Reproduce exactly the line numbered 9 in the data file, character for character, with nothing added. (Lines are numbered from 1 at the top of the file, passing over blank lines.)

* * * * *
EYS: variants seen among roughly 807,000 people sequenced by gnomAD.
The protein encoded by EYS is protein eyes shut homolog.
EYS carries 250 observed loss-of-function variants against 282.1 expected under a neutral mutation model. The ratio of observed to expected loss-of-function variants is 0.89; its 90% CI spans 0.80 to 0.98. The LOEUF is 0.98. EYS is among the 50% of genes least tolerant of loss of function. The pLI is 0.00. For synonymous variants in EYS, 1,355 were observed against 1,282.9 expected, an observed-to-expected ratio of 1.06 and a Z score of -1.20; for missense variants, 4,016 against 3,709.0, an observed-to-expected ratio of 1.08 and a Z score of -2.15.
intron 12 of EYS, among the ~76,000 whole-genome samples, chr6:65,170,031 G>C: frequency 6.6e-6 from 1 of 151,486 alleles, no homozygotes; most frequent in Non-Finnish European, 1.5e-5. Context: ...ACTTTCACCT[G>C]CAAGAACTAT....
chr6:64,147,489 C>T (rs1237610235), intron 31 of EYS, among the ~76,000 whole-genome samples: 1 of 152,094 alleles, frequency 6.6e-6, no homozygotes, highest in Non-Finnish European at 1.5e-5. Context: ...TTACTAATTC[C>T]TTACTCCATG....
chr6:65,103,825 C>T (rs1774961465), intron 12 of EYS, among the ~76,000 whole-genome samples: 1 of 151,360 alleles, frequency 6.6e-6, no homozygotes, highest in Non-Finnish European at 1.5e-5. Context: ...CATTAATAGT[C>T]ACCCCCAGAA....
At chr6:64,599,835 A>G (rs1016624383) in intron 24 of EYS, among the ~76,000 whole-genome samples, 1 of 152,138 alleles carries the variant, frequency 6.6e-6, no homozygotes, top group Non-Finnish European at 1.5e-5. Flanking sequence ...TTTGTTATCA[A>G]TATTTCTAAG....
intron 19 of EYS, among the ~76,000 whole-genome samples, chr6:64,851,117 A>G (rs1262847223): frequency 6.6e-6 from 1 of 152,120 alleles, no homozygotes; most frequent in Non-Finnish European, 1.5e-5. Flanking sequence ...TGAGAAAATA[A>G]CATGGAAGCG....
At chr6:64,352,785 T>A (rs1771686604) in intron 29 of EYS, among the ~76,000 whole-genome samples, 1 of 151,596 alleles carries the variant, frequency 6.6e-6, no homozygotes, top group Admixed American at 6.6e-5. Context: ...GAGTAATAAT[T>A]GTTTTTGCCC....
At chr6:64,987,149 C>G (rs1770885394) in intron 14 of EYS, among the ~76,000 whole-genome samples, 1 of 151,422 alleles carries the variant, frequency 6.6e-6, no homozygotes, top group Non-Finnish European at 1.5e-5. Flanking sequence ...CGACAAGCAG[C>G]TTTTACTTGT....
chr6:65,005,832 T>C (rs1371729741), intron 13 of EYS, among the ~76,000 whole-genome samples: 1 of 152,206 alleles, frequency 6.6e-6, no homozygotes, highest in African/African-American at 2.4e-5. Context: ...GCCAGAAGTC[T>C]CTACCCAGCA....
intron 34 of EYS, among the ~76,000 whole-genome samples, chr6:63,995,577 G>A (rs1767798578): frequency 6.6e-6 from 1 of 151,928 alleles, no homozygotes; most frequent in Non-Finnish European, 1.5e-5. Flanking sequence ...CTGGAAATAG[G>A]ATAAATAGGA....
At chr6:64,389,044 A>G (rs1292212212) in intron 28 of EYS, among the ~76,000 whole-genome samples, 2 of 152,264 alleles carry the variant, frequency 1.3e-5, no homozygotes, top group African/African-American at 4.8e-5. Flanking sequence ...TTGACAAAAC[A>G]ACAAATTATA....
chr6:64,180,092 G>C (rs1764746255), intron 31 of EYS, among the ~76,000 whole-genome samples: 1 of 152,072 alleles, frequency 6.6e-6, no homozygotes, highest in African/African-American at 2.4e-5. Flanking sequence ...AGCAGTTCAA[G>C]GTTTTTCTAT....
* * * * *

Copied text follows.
At chr6:64,352,785 T>A (rs1771686604) in intron 29 of EYS, among the ~76,000 whole-genome samples, 1 of 151,596 alleles carries the variant, frequency 6.6e-6, no homozygotes, top group Admixed American at 6.6e-5. Context: ...GAGTAATAAT[T>A]GTTTTTGCCC....